Montréal | Ottawa, 22 May 2020
To the attention of Mr. Jason Kenney
Premier of Alberta,
The Canadian Historical Association and the Institut d'histoire de l'Amérique française are joining forces today to denounce the massive budget cuts your government is imposing on the University of Alberta's Campus Saint-Jean. By forcing the university to cut hundreds of positions and reduce the courses offered at Campus Saint-Jean by 44%, these cuts jeopardize the very existence of the province's only French-language post-secondary institution.
Already suffering from the almost 18% cut to the University of Alberta's budget over the past two years, Campus Saint-Jean deserves better than the additional cuts included in the last provincial budget. The extent of the cuts to higher education funding is all the more incomprehensible given the demand for post-secondary education in French in the province: since 2014, the student population at Campus Saint-Jean has jumped by 40%, and today forms a community of nearly 900 people.
Beyond its academic mission, Campus Saint-Jean is the heart of the province's Francophone and Francophile community. An important centre for university research, higher education in French and the training of teachers working in francophone and immersion schools, Campus Saint-Jean benefits all Albertans. The current cuts add to students' linguistic insecurity and threaten the very pursuit of original and recognized research on Francophone communities in the West and the international Francophonie.
Hard hit by the drop in oil prices and the international health crisis, Alberta will need more than ever to be able to count on the cultural and linguistic diversity to which the Francophone community contributes in order to implement innovative solutions for recovery. Higher education institutions are one of the keys to face the social and economic challenges that will accompany deconfinement and adaptation to our new reality. As the epicentre of Alberta's Francophonie, Campus Saint-Jean is a key academic and cultural institution that plays a major role in the province's intellectual standing and prosperity. Let us not forget that bilingualism is an asset for Alberta's prosperity and for its full contribution to the Canadian Confederation and its institutions. We therefore call on your government to respect the province's Francophones and Francophiles by providing adequate funding for Campus Saint-Jean.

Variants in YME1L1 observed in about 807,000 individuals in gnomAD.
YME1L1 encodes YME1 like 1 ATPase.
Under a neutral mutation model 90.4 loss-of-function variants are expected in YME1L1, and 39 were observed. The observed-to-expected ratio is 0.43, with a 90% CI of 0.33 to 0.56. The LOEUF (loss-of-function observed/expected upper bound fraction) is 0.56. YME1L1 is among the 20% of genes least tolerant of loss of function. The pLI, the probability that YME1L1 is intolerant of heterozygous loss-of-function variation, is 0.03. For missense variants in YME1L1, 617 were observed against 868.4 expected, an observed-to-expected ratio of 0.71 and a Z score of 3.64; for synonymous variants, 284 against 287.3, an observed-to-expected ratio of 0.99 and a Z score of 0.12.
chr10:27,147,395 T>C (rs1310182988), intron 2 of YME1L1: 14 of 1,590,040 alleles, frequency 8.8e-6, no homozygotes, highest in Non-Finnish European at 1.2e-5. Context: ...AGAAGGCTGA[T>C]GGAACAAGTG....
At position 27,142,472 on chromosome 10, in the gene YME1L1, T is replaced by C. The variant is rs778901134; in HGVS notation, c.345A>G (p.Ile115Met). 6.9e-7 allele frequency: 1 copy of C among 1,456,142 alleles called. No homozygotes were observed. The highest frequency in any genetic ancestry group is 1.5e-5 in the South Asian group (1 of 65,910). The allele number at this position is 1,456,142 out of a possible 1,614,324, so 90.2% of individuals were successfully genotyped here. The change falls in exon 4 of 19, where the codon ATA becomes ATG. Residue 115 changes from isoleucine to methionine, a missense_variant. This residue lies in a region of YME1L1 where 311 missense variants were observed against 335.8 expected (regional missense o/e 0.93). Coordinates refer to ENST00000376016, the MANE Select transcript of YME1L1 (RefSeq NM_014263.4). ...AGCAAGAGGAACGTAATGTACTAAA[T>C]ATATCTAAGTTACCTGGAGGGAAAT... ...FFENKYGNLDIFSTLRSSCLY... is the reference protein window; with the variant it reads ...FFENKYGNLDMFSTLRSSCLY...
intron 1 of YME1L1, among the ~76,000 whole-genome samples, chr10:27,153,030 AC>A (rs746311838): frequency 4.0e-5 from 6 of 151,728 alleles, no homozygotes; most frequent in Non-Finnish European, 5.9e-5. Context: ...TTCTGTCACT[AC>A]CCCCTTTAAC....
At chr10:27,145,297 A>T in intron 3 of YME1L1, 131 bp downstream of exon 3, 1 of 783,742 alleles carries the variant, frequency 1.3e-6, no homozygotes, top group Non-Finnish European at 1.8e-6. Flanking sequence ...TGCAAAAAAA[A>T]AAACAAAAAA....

To this end, we will ask our members and the general public to contribute by asking them to share this letter, which we will make public, and we will encourage them to communicate their concerns directly to your administration. We hope that you will reconsider your support for this important institution.
Penny Bryden, President of the Canadian Historical Association
Brigitte Caulier, President of the Institute of History of French America
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